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Celebrating Halloween is becoming increasingly popular in Indian cities over the last few years.
Earlier, only families that lived in the US or Europe for some time knew about this festival. Groups of such expatriates or returning NRIs would get together for a costume party, and have the children play ‘trick or treat’.
However, things are changing rapidly. With satellite television beaming Hollywood flicks, and a growing number of Indian families returning from their stints to the US/Europe, this festival is fast becoming a permanent fixture in the festival season.
Most restaurants and eateries are serving up Halloween-themed menus. Family entertainment parks and play zones are organizing dress-up parties for kids, and in some cases, for adults as well.
If you have not heard about Halloween, here’s a quick primer
Halloween or Hallowe’en is a celebration observed in many countries on October 31, on All Saints’ Eve, the time of the year when Christian communities remember the departed family members, including the Saints (hallows), and martyrs.
Remembering the departed ones is common across all cultures. In the Indic tradition, we have ‘pitru paksha’ during September. What makes Halloween different is the amalgamation of several Gaelic/Celtic (pre-Christian culture in Ireland, Scotland and parts of North Western Europe) traditions, especially harvest festival traditions such as Samhain. Halloween grew in popularity in the US, especially after the large scale Irish and Scottish migrations in the 19th century, and has become a cross-cultural national festival during the 20th century. In the US and Europe, Halloween is today a secular festival, though some groups continue to celebrate it as a religious festival.
Halloween activities include trick or treating, Halloween costume parties, carving pumpkins into Jack-O-lanterns, apple bobbing, playing pranks, visiting haunted places, and of late, watching horror movies or telling spooky stories.
On Halloween evening, children wear scary costumes (dress up play), and visit the neighbours’ homes, knocking the doors and asking for ‘trick or treat’. The grown-ups are then supposed to treat the kids by giving them different types of candies/lollies.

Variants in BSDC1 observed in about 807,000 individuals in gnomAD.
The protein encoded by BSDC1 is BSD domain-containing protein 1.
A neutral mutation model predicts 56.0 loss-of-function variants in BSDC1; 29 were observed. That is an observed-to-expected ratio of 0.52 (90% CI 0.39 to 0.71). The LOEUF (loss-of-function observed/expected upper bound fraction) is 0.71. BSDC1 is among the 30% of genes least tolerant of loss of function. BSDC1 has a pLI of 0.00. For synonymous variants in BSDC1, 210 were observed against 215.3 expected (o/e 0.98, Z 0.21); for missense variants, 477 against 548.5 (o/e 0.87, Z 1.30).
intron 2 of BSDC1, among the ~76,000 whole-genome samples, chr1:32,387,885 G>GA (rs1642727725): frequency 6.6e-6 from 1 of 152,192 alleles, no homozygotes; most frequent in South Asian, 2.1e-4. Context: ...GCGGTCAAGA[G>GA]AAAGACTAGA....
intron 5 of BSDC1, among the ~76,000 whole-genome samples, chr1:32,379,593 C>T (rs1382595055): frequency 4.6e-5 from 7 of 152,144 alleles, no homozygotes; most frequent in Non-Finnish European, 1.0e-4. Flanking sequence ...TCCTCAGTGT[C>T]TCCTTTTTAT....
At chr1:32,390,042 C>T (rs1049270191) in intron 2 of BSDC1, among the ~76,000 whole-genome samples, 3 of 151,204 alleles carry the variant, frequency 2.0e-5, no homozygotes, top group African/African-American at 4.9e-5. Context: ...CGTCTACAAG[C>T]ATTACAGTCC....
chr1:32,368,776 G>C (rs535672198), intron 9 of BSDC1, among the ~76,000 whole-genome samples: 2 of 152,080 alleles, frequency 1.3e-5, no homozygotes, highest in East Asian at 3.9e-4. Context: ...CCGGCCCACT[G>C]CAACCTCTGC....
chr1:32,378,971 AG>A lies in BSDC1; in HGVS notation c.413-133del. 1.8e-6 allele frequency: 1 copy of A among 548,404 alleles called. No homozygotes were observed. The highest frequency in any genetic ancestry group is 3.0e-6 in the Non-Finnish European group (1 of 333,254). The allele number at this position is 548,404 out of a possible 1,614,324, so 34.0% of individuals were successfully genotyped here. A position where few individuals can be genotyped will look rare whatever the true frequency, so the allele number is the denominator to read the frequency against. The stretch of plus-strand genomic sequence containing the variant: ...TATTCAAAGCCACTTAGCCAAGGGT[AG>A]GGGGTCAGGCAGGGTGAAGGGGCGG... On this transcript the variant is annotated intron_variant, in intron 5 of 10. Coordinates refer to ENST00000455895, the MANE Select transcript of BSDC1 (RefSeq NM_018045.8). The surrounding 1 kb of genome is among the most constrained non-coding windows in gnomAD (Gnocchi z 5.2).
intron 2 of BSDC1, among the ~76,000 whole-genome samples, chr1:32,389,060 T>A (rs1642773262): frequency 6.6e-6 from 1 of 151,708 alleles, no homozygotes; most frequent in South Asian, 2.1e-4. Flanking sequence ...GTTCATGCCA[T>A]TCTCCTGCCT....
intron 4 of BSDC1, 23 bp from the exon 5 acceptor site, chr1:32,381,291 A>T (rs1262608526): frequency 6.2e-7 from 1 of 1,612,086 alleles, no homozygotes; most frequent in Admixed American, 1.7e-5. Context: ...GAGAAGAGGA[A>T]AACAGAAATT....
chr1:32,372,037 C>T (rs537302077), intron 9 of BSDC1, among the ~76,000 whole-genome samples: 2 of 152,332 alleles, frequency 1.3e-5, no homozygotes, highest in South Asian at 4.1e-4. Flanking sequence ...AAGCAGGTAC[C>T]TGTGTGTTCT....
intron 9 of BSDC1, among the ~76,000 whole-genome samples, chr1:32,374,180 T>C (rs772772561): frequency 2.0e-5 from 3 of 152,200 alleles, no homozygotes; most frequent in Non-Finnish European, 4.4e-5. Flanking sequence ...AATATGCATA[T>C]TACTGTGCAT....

Celebrating Halloween in India
Halloween celebrations are limited to the metropolitan cities in India till now. Family entertainment parks, Kids’ play zones and activity centers organize Halloween Costume parties for children. Restaurants serve Halloween-themed dishes (mostly vegetarian).
Due to the association of this festival with violent images and horror in American popular culture and practice, there has been some criticism in India as well. A couple of reasons given against celebrating Halloween in India are:
- It is not a tradition in India to observe a remembrance of the departed souls and saints, by highlighting horror, ghosts, and violence. Indic traditions generally observe a remembrance by fasting or prayer and charity.
- We already have too many festivals, and especially after Dasara and Diwali – we need a little break before the Christmas and New Year holidays! 🙂 🙂
The above reasons do sound valid. But as we all know, there will always be good reasons in favour of having fun!
Let’s look at why celebrating Halloween in India is a good idea.
Firstly, any festival is an occasion for family and friends to meet and have a great bonding time. And Halloween is a festival primarily enjoyed by kids, across cultures. So, why not give in to the temptation of candy and some spooky fun? One can never have enough of a good thing, right?
Secondly, celebrating Halloween with costume parties, spooky storytelling sessions, and special delicacies – has to be seen as an instance of quaint cultural cross-pollination. It doesn’t replace our Indic traditions of remembrance. We could celebrate it as yet another seasonal festival – when the monsoons give way to winter.
Of course, like all festivals, Halloween could also become commercialized with deals, special offers, and distractions. One should keep in mind that not all children enjoy pranks being played on them, especially the spooky ones.
Have a spooktacular Halloween!!